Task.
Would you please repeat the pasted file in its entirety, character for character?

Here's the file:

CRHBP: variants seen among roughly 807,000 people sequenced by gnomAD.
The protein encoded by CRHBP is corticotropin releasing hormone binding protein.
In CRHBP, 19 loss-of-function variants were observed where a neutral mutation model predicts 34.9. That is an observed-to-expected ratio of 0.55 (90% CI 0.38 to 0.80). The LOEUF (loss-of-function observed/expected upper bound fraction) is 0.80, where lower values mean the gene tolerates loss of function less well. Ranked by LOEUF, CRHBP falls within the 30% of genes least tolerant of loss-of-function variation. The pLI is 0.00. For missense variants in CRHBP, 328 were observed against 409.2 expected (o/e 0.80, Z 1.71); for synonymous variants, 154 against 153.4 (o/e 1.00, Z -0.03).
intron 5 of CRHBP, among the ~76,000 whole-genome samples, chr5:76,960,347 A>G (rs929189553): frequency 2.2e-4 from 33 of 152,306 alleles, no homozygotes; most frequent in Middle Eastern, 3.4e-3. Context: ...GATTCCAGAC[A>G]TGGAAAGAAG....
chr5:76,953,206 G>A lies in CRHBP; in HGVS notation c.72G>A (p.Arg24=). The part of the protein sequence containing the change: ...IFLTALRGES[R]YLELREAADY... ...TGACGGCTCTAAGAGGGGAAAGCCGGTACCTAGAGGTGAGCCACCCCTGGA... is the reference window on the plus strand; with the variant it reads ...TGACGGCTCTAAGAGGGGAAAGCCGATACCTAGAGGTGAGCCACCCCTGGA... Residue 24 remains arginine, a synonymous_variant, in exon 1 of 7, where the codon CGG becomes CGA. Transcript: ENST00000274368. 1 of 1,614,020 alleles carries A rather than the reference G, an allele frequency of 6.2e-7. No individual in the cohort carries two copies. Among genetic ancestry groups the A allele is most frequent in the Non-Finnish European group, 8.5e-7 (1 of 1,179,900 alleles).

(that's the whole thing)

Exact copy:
CRHBP: variants seen among roughly 807,000 people sequenced by gnomAD.
The protein encoded by CRHBP is corticotropin releasing hormone binding protein.
In CRHBP, 19 loss-of-function variants were observed where a neutral mutation model predicts 34.9. That is an observed-to-expected ratio of 0.55 (90% CI 0.38 to 0.80). The LOEUF (loss-of-function observed/expected upper bound fraction) is 0.80, where lower values mean the gene tolerates loss of function less well. Ranked by LOEUF, CRHBP falls within the 30% of genes least tolerant of loss-of-function variation. The pLI is 0.00. For missense variants in CRHBP, 328 were observed against 409.2 expected (o/e 0.80, Z 1.71); for synonymous variants, 154 against 153.4 (o/e 1.00, Z -0.03).
intron 5 of CRHBP, among the ~76,000 whole-genome samples, chr5:76,960,347 A>G (rs929189553): frequency 2.2e-4 from 33 of 152,306 alleles, no homozygotes; most frequent in Middle Eastern, 3.4e-3. Context: ...GATTCCAGAC[A>G]TGGAAAGAAG....
chr5:76,953,206 G>A lies in CRHBP; in HGVS notation c.72G>A (p.Arg24=). The part of the protein sequence containing the change: ...IFLTALRGES[R]YLELREAADY... ...TGACGGCTCTAAGAGGGGAAAGCCGGTACCTAGAGGTGAGCCACCCCTGGA... is the reference window on the plus strand; with the variant it reads ...TGACGGCTCTAAGAGGGGAAAGCCGATACCTAGAGGTGAGCCACCCCTGGA... Residue 24 remains arginine, a synonymous_variant, in exon 1 of 7, where the codon CGG becomes CGA. Transcript: ENST00000274368. 1 of 1,614,020 alleles carries A rather than the reference G, an allele frequency of 6.2e-7. No individual in the cohort carries two copies. Among genetic ancestry groups the A allele is most frequent in the Non-Finnish European group, 8.5e-7 (1 of 1,179,900 alleles).